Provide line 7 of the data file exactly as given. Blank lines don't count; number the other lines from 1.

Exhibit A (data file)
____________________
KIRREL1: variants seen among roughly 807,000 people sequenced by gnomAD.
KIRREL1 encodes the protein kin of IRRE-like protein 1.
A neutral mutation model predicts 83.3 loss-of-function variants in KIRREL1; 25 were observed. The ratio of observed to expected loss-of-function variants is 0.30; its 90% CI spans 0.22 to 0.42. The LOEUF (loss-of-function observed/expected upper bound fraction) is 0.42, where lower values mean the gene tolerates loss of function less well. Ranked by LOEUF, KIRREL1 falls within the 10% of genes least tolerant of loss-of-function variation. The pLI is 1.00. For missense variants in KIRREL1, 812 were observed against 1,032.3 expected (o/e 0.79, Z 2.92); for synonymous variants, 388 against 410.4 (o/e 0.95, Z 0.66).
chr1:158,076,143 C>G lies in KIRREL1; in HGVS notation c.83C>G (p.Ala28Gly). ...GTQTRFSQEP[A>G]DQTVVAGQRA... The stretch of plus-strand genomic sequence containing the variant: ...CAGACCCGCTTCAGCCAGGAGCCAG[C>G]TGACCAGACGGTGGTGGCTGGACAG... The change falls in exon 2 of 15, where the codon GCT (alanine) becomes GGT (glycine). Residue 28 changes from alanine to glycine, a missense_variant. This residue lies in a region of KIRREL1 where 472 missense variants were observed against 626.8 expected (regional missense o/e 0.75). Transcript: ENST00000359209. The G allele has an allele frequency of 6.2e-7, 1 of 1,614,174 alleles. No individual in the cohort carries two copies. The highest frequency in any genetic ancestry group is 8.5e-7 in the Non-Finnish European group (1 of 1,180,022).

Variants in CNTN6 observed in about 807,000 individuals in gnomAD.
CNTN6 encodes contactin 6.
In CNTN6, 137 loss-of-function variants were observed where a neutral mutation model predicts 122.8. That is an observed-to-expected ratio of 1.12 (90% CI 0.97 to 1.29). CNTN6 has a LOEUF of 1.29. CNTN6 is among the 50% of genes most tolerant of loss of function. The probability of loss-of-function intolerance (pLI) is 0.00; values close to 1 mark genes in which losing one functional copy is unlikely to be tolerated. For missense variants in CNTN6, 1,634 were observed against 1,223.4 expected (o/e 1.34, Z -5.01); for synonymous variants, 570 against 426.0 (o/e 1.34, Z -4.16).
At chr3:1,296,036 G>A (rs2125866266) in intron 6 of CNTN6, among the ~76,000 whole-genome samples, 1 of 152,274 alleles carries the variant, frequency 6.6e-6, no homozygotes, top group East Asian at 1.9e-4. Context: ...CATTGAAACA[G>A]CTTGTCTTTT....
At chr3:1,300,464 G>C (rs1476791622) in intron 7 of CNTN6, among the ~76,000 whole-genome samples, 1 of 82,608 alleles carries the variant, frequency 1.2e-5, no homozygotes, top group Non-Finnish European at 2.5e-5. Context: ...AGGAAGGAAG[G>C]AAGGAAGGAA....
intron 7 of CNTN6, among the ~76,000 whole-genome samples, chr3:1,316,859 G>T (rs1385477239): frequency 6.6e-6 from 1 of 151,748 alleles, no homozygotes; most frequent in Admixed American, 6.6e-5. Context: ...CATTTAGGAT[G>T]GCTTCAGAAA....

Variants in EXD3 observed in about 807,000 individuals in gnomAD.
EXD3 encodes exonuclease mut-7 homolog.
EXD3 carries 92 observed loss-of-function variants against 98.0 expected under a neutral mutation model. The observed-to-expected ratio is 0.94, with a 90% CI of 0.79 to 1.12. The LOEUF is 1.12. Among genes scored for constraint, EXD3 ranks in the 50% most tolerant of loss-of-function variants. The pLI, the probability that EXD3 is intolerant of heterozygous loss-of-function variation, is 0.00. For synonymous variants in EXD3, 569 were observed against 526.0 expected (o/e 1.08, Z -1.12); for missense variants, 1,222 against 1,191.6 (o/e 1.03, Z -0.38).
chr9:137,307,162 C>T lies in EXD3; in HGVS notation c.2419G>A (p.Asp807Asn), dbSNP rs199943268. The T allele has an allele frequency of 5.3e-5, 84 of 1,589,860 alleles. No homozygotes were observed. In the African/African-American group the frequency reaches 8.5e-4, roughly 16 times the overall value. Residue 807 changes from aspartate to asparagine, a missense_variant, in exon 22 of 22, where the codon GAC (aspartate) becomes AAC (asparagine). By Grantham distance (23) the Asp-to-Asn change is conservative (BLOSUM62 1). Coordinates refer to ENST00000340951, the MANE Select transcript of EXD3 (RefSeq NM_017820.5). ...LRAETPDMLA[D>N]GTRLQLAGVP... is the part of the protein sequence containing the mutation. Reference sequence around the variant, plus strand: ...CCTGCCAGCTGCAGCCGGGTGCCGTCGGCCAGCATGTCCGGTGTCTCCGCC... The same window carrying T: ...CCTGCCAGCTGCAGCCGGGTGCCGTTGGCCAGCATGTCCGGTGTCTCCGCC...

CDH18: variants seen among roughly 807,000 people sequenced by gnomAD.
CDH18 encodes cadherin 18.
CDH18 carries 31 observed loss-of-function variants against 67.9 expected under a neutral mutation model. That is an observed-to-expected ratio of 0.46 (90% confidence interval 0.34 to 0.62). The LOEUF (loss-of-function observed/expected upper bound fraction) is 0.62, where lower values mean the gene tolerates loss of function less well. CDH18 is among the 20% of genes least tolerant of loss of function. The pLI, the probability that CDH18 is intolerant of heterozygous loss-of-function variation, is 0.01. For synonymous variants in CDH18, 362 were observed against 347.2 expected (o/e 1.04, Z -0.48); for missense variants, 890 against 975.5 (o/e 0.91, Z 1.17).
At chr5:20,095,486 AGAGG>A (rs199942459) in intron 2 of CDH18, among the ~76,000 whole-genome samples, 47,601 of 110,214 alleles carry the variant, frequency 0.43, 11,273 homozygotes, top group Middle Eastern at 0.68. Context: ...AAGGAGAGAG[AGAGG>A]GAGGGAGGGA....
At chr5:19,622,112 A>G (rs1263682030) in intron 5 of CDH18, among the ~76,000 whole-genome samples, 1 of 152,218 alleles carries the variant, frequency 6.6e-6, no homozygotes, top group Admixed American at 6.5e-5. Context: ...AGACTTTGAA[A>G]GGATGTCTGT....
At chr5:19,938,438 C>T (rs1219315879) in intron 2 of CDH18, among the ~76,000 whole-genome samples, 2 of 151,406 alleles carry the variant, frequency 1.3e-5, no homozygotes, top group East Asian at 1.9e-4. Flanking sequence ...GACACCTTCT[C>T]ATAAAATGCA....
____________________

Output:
In CNTN6, 137 loss-of-function variants were observed where a neutral mutation model predicts 122.8. That is an observed-to-expected ratio of 1.12 (90% CI 0.97 to 1.29). CNTN6 has a LOEUF of 1.29. CNTN6 is among the 50% of genes most tolerant of loss of function. The probability of loss-of-function intolerance (pLI) is 0.00; values close to 1 mark genes in which losing one functional copy is unlikely to be tolerated. For missense variants in CNTN6, 1,634 were observed against 1,223.4 expected (o/e 1.34, Z -5.01); for synonymous variants, 570 against 426.0 (o/e 1.34, Z -4.16).